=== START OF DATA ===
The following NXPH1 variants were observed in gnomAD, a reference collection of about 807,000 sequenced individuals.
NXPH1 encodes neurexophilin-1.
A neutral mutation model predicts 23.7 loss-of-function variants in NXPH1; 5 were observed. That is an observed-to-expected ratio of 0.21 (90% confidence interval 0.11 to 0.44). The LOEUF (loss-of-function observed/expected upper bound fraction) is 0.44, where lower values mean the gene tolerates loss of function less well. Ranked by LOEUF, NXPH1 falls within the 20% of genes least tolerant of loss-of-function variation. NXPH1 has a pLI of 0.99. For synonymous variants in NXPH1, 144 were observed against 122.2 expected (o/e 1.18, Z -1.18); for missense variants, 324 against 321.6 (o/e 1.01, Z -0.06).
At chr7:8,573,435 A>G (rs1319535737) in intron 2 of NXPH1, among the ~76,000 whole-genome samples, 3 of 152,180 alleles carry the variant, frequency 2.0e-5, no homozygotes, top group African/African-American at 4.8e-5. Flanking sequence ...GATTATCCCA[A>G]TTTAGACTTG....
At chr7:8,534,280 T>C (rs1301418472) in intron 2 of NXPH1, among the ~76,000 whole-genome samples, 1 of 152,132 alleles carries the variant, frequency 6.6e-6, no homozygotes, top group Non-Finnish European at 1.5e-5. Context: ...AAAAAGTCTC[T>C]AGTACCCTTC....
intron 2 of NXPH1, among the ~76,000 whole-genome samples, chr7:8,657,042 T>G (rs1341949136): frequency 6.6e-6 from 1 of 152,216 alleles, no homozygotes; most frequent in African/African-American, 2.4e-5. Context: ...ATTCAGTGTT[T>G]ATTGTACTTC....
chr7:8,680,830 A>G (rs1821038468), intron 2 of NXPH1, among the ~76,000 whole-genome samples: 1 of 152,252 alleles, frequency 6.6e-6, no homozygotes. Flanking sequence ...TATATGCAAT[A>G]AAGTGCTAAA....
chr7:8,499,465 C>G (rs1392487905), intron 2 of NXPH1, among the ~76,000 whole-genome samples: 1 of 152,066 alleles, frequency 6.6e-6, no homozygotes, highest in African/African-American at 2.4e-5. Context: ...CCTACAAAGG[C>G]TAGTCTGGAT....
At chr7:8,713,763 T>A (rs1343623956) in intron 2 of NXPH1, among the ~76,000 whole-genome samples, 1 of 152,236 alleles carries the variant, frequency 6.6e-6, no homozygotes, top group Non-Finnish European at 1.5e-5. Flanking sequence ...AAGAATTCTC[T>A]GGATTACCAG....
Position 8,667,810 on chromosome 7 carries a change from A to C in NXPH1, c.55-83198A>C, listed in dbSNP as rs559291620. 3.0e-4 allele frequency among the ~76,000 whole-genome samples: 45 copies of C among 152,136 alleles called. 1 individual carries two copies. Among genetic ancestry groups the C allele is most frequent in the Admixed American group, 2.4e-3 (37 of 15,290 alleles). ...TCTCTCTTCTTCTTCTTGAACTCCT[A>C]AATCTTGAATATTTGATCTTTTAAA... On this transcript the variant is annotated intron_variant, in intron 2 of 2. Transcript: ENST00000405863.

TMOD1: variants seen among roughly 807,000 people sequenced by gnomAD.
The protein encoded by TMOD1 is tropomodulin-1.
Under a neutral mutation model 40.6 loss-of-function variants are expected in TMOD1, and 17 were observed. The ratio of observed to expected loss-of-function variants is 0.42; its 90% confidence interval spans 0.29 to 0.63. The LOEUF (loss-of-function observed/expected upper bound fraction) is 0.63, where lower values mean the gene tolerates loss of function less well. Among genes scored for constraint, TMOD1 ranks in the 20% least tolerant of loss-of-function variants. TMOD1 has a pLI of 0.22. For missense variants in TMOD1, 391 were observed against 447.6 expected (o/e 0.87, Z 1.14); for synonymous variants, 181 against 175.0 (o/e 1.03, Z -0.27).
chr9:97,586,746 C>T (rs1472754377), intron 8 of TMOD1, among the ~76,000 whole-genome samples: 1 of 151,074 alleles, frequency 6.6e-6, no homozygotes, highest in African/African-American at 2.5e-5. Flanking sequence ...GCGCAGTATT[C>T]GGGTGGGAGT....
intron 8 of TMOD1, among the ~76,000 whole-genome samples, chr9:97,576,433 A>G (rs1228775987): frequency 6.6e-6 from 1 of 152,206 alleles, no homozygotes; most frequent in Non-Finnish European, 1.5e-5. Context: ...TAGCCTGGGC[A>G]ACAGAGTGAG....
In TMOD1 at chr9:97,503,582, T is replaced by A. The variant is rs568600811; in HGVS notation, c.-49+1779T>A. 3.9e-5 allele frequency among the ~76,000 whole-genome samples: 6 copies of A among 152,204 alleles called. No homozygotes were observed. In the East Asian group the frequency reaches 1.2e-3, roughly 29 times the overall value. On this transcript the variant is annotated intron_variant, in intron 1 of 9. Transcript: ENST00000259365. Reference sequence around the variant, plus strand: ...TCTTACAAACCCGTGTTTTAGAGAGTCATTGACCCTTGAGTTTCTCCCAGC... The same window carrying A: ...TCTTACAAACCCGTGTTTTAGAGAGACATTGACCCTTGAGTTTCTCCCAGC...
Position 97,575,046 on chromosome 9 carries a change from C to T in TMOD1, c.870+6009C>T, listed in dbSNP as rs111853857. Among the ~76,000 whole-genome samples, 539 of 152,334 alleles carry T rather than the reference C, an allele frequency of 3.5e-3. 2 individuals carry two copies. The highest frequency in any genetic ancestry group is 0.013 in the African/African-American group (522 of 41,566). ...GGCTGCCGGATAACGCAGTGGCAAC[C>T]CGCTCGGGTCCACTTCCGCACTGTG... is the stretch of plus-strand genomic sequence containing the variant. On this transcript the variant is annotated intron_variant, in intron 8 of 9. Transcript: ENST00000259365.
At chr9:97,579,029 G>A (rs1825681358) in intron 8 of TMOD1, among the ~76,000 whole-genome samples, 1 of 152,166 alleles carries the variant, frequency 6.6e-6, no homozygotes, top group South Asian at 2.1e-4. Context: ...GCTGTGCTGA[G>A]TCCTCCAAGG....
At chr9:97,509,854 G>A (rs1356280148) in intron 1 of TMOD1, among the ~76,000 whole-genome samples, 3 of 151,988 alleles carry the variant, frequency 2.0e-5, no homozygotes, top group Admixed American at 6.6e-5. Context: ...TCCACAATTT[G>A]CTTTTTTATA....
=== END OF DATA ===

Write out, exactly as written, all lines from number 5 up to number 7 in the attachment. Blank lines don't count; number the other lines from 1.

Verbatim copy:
At chr7:8,534,280 T>C (rs1301418472) in intron 2 of NXPH1, among the ~76,000 whole-genome samples, 1 of 152,132 alleles carries the variant, frequency 6.6e-6, no homozygotes, top group Non-Finnish European at 1.5e-5. Context: ...AAAAAGTCTC[T>C]AGTACCCTTC....
intron 2 of NXPH1, among the ~76,000 whole-genome samples, chr7:8,657,042 T>G (rs1341949136): frequency 6.6e-6 from 1 of 152,216 alleles, no homozygotes; most frequent in African/African-American, 2.4e-5. Context: ...ATTCAGTGTT[T>G]ATTGTACTTC....
chr7:8,680,830 A>G (rs1821038468), intron 2 of NXPH1, among the ~76,000 whole-genome samples: 1 of 152,252 alleles, frequency 6.6e-6, no homozygotes. Flanking sequence ...TATATGCAAT[A>G]AAGTGCTAAA....